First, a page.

A secured loan is a loan backed by collateral, the financial assets you own like a home or car or bond or share are considered collateral. The idea behind a secured loan is a basic one. Lenders accept collateral against a secured loan to motivate borrowers to repay the loan on time. After all, the anticipation of losing your home or car is a powerful encouragement to repay the loan and avoid any kind of repossession or foreclosure.
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When you approach any lender for a secured loan, then the lender will ask which type of collateral you’ll put up to “back” the loan. Let’s assume that if you have facing an issue in paying the loan, the lender can put a lien on the collateral (a lien is the legal term for the lender’s claim to the borrower collateral). However, the lender would keep the lien active until the loan I fully paid. At that point, the lien is lifted, and the collateral ownership reverts back to the borrower.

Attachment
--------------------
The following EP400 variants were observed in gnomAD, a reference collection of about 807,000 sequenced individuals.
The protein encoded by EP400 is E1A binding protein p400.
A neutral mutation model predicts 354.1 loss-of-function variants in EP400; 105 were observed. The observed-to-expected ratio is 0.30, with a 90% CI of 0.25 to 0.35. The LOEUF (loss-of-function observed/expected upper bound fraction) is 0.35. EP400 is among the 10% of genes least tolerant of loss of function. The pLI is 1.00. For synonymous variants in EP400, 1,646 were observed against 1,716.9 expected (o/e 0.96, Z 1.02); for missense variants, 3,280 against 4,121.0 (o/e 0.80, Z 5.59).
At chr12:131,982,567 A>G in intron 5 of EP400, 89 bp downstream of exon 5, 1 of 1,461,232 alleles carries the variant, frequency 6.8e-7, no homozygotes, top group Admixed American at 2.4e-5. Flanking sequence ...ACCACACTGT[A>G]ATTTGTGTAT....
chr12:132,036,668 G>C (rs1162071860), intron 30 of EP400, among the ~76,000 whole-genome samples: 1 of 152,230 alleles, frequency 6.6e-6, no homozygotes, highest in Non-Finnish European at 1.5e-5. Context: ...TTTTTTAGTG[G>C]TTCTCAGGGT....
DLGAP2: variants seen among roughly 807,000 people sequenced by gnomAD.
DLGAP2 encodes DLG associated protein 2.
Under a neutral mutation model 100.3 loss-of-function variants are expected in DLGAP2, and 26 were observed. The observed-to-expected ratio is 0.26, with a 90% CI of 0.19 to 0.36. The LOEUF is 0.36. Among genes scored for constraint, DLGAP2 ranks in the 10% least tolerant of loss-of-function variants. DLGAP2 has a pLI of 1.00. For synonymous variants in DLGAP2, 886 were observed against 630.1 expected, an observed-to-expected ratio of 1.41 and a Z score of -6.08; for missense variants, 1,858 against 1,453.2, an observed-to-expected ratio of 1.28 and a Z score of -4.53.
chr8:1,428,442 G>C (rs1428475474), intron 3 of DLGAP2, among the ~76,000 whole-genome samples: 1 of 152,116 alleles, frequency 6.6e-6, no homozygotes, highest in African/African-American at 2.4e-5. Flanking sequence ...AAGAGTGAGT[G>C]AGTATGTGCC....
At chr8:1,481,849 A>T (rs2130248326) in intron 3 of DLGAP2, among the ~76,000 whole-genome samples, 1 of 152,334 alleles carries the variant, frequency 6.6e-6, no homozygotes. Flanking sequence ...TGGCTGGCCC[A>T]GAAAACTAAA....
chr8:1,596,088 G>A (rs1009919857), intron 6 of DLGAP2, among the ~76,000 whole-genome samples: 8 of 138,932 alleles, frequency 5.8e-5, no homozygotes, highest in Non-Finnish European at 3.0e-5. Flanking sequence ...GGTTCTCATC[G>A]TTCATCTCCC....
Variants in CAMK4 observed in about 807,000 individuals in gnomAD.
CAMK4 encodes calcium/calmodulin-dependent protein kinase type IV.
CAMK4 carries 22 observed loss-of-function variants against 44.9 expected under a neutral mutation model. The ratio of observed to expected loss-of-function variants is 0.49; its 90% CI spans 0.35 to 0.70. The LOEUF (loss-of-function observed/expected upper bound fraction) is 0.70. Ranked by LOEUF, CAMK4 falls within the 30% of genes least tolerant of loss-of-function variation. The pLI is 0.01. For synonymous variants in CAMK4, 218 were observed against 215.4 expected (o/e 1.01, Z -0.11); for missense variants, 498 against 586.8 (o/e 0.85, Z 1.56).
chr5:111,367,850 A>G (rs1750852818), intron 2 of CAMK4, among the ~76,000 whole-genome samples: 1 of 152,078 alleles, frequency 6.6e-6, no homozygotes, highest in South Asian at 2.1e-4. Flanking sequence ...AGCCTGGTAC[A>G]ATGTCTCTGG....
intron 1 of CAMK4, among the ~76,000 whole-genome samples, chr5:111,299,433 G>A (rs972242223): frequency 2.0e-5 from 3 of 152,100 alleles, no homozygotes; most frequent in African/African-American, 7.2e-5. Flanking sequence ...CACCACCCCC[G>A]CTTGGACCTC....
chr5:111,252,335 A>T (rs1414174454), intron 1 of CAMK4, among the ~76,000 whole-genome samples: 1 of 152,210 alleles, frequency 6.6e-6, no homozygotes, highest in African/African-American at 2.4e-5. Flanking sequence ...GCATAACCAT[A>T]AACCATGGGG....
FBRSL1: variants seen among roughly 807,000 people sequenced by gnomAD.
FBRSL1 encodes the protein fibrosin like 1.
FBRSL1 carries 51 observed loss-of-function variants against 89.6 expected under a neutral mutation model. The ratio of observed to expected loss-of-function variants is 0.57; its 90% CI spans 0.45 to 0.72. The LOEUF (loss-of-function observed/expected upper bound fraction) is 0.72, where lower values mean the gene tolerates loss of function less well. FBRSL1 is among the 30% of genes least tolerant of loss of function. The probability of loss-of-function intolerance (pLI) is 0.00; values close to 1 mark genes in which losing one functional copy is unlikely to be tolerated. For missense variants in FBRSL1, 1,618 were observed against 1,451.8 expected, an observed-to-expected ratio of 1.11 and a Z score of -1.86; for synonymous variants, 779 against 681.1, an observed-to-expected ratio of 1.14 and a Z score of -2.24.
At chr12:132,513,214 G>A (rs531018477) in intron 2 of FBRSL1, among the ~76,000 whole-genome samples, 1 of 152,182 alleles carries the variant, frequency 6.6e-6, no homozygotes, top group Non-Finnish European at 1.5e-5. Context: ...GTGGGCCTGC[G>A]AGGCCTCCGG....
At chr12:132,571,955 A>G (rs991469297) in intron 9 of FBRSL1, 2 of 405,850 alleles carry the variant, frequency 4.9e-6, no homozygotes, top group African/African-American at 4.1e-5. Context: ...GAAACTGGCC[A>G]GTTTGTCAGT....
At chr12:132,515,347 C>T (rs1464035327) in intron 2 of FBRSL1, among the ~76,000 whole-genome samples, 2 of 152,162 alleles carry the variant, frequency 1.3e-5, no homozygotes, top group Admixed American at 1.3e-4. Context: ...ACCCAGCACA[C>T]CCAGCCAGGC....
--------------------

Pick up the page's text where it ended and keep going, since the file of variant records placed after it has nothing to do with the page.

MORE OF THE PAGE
In the event the borrower defaults on a secured loan, the lender can retrieve the secured loan collateral and sell it to cover any losses incurred on the loan. That's why it's imperative for secured loan borrowers to understand what asset they're using as loan collateral, and to weigh the value of that asset against a possible lien or collateral loss if the secured loan falls into default